I will continue to host monthly coffee meetings on the second Saturday of the Month at 8:30 at Dunn Bros Coffee North. I am also open and willing to attend other Saturday gatherings to host discussions, listen, and share thoughts. Contact me to set at time and date if you’re interested.

As always, please don’t hesitate to contact me with any issues or concern you may have.


Rep. Duane Sauke


January 12, 2017

Dear Neighbors,

Last week I was sworn in as your State Representative. It’s an incredible privilege and honor to act as your voice at the Capitol. Here are a few items I wanted to update you on:

First Weeks Activities

It’s been a busy first couple weeks at the Capitol. The schedule of floor sessions, committee meetings, meeting with constituents and other groups started right away. While we haven’t had too many late nights yet, I’m anticipating that I’ll be spending a lot of time working on behalf of our community. I was appointed to serve on three powerful committees: Agriculture Policy, Capital Investment, and Transportation Finance. Sitting on those committees puts me in a great position to deliver for you and Rochester.

Health Insurance Premium Relief

One of the issues that everyone agrees we need to address is relief for 120,000 Minnesotans who buy their health insurance on the individual market. Their facing pretty staggering increases. Governor Dayton and my DFL colleagues are supporting a simple 25% rebate for those people, without any red tape or major policy changes. Unfortunately the Republicans who control the House and Senate are insisting on some pretty drastic changes, such as allowing for-profit insurers to enter Minnesota. They also want to add several state government hoops people will need to jump through to get their rebates. People have until January 31st to buy their insurance, so I think it’s pretty important we just pass a bill to help them out.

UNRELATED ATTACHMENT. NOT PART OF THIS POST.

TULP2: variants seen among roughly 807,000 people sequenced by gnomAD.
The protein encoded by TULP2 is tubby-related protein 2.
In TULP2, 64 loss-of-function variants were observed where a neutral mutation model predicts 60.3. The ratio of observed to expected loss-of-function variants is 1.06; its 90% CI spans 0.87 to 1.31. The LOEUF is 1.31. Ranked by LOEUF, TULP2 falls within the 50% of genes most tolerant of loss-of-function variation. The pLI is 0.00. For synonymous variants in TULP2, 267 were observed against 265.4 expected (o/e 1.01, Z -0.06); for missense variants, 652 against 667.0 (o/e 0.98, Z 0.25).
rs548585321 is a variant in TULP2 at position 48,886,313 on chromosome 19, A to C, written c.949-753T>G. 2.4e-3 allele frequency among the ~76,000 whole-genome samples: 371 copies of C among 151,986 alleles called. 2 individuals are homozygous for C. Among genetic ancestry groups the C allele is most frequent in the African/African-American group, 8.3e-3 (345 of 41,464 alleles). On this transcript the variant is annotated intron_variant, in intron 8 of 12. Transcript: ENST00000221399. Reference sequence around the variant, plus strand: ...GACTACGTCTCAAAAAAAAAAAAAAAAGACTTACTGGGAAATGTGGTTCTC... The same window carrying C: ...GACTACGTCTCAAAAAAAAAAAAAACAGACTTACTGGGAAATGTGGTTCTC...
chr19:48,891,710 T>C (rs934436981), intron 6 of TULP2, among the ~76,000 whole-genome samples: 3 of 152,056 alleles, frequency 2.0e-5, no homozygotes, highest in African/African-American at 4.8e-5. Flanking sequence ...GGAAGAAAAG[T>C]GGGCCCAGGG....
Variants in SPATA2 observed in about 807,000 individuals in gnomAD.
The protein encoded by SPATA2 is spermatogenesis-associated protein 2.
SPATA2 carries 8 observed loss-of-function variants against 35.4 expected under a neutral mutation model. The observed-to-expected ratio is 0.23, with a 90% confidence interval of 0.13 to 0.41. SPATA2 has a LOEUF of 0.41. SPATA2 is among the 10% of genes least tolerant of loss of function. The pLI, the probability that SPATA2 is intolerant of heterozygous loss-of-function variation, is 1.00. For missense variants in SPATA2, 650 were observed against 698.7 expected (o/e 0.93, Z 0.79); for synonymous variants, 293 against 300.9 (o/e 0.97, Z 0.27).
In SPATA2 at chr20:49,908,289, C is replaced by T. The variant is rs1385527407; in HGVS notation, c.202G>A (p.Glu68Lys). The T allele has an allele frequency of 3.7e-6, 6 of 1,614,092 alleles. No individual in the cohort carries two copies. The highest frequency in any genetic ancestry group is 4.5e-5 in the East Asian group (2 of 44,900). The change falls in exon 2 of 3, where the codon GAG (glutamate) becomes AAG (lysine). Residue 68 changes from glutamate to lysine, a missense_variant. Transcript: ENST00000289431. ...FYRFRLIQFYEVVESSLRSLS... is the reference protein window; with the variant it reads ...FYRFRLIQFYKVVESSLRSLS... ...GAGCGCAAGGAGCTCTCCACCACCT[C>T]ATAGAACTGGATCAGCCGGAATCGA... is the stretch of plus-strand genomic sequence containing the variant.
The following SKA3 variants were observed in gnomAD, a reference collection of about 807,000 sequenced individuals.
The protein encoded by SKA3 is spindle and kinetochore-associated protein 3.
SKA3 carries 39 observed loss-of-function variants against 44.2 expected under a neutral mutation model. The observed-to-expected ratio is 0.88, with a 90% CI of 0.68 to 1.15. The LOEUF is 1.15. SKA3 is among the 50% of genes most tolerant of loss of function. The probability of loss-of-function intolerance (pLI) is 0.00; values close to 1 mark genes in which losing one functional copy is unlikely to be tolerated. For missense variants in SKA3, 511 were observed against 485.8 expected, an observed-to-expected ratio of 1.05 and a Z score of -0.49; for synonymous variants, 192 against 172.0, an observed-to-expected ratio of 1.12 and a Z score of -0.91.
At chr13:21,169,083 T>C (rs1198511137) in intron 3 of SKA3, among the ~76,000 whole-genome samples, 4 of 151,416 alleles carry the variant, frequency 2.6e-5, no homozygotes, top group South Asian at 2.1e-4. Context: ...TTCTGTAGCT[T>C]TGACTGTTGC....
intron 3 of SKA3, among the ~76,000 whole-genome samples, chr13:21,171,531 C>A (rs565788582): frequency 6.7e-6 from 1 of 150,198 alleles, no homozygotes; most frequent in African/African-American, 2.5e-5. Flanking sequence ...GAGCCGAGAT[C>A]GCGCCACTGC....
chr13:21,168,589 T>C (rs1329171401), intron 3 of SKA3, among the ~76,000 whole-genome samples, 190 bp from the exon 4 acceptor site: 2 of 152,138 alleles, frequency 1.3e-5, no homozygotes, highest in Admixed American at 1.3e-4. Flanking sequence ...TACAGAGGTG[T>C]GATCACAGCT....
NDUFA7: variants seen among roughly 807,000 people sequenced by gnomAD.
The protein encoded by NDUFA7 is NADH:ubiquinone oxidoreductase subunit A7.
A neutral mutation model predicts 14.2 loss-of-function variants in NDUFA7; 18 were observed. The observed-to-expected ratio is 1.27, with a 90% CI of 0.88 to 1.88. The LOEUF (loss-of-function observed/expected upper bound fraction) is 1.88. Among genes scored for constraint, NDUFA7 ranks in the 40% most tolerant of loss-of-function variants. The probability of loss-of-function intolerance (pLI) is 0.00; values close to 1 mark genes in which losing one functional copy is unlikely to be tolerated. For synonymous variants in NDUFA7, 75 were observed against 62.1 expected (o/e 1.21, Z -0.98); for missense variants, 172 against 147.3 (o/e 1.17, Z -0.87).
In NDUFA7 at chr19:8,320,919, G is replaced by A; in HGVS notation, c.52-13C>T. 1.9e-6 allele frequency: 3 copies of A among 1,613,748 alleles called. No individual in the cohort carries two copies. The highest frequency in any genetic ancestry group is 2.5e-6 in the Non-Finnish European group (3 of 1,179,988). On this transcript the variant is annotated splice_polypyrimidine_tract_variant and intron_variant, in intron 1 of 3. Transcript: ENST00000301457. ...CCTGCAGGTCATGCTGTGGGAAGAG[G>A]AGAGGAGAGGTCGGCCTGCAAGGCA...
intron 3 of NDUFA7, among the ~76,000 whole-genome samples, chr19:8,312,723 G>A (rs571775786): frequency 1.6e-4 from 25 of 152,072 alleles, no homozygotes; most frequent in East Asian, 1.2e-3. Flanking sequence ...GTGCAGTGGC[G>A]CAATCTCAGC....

Visit the Newly Restored Capitol

The Capitol is a pretty amazing building. It was designed by Cass Gilbert, who designed the Supreme Court building in Washington, DC. It’s been restored and is really a fantastic sight to see. I encourage you and your family to come visit me and see this amazing building.

Free 45-minute tours are available daily and start on the hour. They leave from the Information Center in Room 126. If you have a larger group, you can schedule a tour by emailing grouptickets@mnhs.org or calling 651-259-3003. For K-12 Field Trips, visit mnhs.org/fieldtriprequest or call 1-800-387-5008.

Finally, I want to make sure you know you can contact me about any issues that are important to you. Please don’t hesitate to contact me to schedule an appointment or share your concerns via phone or e-mail.